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It is hard for Sinn Fein leaders to say plainly that those who can help catch the dissident should take their evidence to the police. They have, however, come as close to stating that baldly as they have ever done.
In the past their reactions to the dissidents have amounted to a call that they should come forward and explain themselves, as if the objective was to get them into talks rather than into jail.
Martin McGuinness has been better at the condemnatory language than the prescriptive. So the dissidents are ‘enemies’ and ‘traitors’ who should remove themselves from the scene.
We can’t doubt that he is bloody furious with them and it is hardly surprising.
The dissidents are using the strategy that worked for past generations of the IRA.
In January 1919, Dan Breen’s men shot dead two RIC officers and started a guerilla war that would lead to the total collapse of the British state in Ireland.
When Irish people were unwilling to join the police or be seen in their company, and huge numbers discarded their uniforms for their own safety, then Ireland became a problem for the army straggling back from Europe, a political problem to be resolved urgently.
In the 1970s and ’80s, the IRA attacks on the RUC helped deepen the rift between the police and the Catholic people. Few Catholics would join and the reality of a Protestant force made reform an essential part of political settlement.
The aim had been to make Northern ireland ungovernable and to put Irish unity on the table. That bit didn’t work.
Similarly, when the British tried to ease pressure on the police and replace the totally protestant B Specials in 1970, they created a local regiment, the Ulster Defence Regiment and urged Catholics to join.
The IRA bombed those Catholics in their cars and shot them and soon the UDR was almost exclusively Protestant and that brick in the new dispensation being attempted was invalidated.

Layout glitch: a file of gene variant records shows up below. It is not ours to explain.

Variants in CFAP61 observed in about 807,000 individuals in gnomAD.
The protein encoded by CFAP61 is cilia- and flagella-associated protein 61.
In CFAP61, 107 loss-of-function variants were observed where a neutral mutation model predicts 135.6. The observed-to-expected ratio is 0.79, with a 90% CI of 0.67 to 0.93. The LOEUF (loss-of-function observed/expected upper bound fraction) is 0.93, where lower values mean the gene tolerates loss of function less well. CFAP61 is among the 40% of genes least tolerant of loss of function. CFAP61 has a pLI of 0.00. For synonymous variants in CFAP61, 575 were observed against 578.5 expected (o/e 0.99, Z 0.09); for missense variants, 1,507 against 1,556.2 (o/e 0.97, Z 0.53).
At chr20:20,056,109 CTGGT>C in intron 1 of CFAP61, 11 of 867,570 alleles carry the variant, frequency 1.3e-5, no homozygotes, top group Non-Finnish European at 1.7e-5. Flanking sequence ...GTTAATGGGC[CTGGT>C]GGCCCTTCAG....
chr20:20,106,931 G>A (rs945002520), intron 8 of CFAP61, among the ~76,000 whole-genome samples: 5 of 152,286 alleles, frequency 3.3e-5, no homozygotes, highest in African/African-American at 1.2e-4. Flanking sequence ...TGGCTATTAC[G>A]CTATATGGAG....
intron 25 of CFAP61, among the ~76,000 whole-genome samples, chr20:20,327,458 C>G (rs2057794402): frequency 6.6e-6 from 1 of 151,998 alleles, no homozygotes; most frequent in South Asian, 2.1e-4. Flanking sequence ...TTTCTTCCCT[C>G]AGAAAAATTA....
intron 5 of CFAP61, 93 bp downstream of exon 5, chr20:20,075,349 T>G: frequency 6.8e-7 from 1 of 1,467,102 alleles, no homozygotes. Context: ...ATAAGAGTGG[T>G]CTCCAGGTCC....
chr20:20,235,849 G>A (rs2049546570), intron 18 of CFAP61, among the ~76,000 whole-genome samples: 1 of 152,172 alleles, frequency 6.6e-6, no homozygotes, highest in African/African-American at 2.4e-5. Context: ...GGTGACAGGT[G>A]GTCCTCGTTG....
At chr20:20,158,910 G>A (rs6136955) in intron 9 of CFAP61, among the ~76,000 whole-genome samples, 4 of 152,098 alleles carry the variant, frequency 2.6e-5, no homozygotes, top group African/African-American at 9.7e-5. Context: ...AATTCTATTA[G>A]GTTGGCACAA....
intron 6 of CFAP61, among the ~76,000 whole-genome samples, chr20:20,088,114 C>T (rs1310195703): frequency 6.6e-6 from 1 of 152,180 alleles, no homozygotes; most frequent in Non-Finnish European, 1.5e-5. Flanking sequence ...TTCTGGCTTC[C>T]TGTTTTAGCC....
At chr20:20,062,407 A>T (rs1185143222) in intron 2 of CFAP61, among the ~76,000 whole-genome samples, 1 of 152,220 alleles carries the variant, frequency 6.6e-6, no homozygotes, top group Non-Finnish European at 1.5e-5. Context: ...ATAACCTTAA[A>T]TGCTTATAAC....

Gerry Adams and Martin McGuinness know that history better than most of us.
They therefore understand what the dissidents hope to achieve and have a sense of how realistic their target is.
If Catholics shrink back from joining the PSNI, in the context of the abolition of the 50/50 rule securing places for them, then Sinn Fein could find itself in partnership in government with an almost exclusively Protestant police force.
The party could not live with that.
All the reforms of policing, the ombudsman and the board and all the human rights legislation would not cover the indignity of Catholic republicans being pursued by Protestant police officers and of suspect, but often innocent, young Catholics being arested, searched and questioned.
McGuinness knows that policing is the loose brick in the peace wall because his own tradition in republicanism trained him to loosen that brick in the hopes that the wall would tumble.
That being the case, he has no choice but to defend the police and the Catholics who have joined and who might join. In doing so, he is defending his own position and his political legacy.
If we revert to Protestant policing, everything he has done will have been in vain.
A thought that should perhaps have occurred to Owen Paterson before he scrapped the 50/50 rule.
The collapse of Catholic policing must be McGuinness’ worst nightmare. It would amount to his own peace accord with the DUP being undermined by the same methods which he used himself against the old Stormont and Direct Rule.
There would be an elegant karmic symmetry to it that one might relish if it wasn’t such an appalling prospect for the rest of us too.
So Sinn fein must now signal to the Catholic community and to other republicans that touting is no longer a sin or a crime. They must encourage a flow of information to the police about the dissidents and help put them out of business.
And they must take a lead in that.
This is the hard part for republicans. Michael Collins in 1921 stormed his former comrades holed up in the Four Courts and blew them to oblivion. History is letting the Provos off lightly in not plunging them into their own civil war.
On balance, McGuinness must surely see that this is not as hard as facing into failure would be.
He is already being told that he is a hypocrite for condemning the murder of Ronan Kerr, having endorsed the murders of 301 other police officers, a policewoman shot in the back outside Derry Courthouse, men shot on their doorsteps, coming from church, visiting hospitals.
Hard too will be the challenge of preserving that memory as honorable while telling those who would use the same methods today that they are enemies and traitors.
Today Martin McGuinness says that the police must win. Now he must tell the dissidents that he was in the wrong too; that the best evidence that they can’t win is that the Provos didn’t win either.
And he must sit down with the Chief Constable, if he hasn’t done already, and tell him everything he knows that might help him nail the old diehards.

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A Reading

This was for the Blackbird Book Club at Queens.
The reading is from Under His Roof